The value of research – commission on extra costs considers evidence

Post from Minesh Patel, Policy and Research Assistant at Scope.

The Commission on Extra Costs is a year-long inquiry that will explore the extra costs faced by disabled people and families with disabled children in England and Wales.

In September, the Commission agreed to focus on the themes of empowering disabled people as consumers, efficient supply and effective market intervention in its approach to driving down extra costs. At the same time they also held an evidence-gathering roundtable that included spokespeople from consumer champions like RICA and experts in getting markets to work for disabled people, including Motability.

Chaired by Robin Hindle Fisher, yesterday Commissioners started narrowing down the areas that they would look at in more detail, and gave thought to the main areas of extra costs that the Commission should look at. In addition, the group began to consider what the solutions might look like in addressing these costs.

  • One of the categories discussed was clothing and bedding, where disabled people may face extra costs through purchasing specialist items, as well as through having to purchase a greater quantity of non-specialist items due to overuse or damage.
  • Energy was another area, which featured regularly in the personal stories of extra costs submitted to the Commission.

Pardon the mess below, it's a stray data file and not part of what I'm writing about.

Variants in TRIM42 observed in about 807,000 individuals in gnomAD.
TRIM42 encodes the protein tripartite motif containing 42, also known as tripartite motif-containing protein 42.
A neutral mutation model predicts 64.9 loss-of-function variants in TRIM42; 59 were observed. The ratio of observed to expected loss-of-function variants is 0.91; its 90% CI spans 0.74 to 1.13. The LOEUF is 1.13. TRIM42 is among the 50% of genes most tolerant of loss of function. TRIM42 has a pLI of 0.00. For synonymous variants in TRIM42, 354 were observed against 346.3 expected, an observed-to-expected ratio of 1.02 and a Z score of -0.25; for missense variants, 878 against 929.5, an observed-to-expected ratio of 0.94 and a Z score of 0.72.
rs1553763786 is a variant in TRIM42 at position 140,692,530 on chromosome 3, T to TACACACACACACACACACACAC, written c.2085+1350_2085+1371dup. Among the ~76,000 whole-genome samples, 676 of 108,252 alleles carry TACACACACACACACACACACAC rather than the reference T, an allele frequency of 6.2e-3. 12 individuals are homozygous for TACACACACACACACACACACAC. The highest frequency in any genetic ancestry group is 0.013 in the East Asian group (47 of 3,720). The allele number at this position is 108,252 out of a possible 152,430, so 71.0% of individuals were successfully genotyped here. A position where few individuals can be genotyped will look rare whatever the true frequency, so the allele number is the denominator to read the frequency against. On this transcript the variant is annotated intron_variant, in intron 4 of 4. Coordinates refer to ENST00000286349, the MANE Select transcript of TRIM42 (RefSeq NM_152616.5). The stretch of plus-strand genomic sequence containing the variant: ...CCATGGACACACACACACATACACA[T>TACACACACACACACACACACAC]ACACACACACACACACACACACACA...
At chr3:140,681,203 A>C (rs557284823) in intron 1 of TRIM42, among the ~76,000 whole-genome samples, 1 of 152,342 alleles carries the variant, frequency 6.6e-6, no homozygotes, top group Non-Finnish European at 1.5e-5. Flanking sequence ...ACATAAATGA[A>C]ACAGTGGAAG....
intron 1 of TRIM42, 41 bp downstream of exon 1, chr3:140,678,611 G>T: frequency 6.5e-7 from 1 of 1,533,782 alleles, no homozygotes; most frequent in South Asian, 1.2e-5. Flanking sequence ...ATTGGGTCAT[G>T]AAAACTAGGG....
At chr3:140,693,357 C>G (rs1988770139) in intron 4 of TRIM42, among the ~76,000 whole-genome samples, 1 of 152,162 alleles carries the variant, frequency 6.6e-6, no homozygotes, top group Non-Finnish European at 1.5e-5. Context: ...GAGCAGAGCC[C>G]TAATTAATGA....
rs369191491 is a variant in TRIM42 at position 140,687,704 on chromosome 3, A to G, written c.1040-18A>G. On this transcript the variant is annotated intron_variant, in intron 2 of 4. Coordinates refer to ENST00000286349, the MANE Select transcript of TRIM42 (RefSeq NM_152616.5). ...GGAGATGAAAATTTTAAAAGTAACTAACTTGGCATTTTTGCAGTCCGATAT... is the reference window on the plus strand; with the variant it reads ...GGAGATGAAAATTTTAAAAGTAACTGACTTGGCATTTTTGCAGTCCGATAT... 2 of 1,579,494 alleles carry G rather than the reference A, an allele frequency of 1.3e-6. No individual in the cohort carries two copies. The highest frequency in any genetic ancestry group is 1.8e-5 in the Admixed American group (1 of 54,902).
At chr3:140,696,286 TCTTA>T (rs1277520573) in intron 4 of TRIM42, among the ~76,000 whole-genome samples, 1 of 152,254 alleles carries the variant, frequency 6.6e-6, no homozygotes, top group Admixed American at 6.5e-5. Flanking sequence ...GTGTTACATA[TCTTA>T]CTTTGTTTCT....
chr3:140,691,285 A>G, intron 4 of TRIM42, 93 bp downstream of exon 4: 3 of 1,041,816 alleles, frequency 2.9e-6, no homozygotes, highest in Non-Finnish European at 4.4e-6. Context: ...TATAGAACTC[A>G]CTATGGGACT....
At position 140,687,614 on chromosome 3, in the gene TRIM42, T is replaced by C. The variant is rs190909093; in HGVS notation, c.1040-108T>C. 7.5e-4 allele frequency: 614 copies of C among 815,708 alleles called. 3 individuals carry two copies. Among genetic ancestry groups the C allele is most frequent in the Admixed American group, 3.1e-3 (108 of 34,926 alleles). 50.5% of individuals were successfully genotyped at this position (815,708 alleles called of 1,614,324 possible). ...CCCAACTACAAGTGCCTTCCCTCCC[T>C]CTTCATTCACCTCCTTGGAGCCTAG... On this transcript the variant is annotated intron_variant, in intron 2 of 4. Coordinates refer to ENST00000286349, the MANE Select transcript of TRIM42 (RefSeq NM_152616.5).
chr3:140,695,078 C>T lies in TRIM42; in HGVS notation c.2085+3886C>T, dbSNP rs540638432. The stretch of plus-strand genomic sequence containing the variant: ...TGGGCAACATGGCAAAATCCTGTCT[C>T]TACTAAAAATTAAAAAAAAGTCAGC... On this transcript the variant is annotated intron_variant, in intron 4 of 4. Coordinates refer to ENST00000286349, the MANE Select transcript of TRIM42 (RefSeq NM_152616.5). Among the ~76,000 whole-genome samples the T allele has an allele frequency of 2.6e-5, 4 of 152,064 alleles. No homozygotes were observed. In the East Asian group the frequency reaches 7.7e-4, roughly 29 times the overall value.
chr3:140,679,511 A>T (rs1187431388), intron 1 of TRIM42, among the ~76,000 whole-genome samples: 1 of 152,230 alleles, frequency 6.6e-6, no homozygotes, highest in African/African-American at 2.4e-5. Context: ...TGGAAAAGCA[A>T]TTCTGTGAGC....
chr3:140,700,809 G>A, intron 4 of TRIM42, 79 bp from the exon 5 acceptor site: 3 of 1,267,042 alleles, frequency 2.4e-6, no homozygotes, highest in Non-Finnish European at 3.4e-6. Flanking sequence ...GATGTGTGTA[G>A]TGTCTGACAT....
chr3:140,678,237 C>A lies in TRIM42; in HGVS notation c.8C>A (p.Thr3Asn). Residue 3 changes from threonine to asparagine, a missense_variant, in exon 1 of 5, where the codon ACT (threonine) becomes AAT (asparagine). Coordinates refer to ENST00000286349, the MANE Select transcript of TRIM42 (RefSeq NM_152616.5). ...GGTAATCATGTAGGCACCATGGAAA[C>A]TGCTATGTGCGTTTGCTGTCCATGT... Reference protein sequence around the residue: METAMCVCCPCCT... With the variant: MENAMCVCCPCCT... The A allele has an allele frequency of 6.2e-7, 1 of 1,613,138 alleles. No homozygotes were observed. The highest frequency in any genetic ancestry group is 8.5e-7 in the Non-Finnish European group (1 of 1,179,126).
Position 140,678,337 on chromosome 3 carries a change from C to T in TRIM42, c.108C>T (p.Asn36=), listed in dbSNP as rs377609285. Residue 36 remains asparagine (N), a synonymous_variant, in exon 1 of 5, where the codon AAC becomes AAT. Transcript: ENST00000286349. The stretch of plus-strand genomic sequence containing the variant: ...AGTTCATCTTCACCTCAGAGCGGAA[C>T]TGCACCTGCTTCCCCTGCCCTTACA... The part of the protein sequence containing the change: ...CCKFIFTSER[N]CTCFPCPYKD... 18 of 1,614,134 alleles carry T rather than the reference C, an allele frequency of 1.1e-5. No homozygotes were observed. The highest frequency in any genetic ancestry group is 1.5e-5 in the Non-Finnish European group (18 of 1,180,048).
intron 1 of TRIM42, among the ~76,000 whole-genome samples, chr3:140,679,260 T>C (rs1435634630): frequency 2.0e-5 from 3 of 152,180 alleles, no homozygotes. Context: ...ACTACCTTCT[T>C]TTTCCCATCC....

• Other areas included specialist disability products for which disabled people are charged a premium, e.g. powered wheelchairs, and insurance, where a significant minority pay over the odds or are unable to access products that meet their needs.

The solutions will vary according to the area of extra costs, but the discussion touched upon ideas such as:

  • Promoting the significant size of the disabled consumer base as a way to encourage more competitors to enter and thus open up the disability market.
  • Collective purchasing initiatives for things such as energy to enable disabled people to obtain a lower price.
  • The role of digital inclusion and web accessibility to ensure that disabled people can access the best deals that are often online.

The Commission will continue to develop and flesh out recommendations for driving down extra costs. To support this process, a second evidence-gathering roundtable will be held in January that will look at what can be done to increase the availability of and reduce the cost of goods and services in key markets for disabled people.

A Disney Princess with Down’s Syndrome?

A petition asking for Disney to create an animated hero with Down’s syndrome has already collected more than 70,000 signatures. Yet, when we posted this news on Facebook , the response was … well, let’s say it was animated!

It seems to have divided opinions quite strongly, so we thought we’d publish some of your arguments for and against.

She shall go to the ball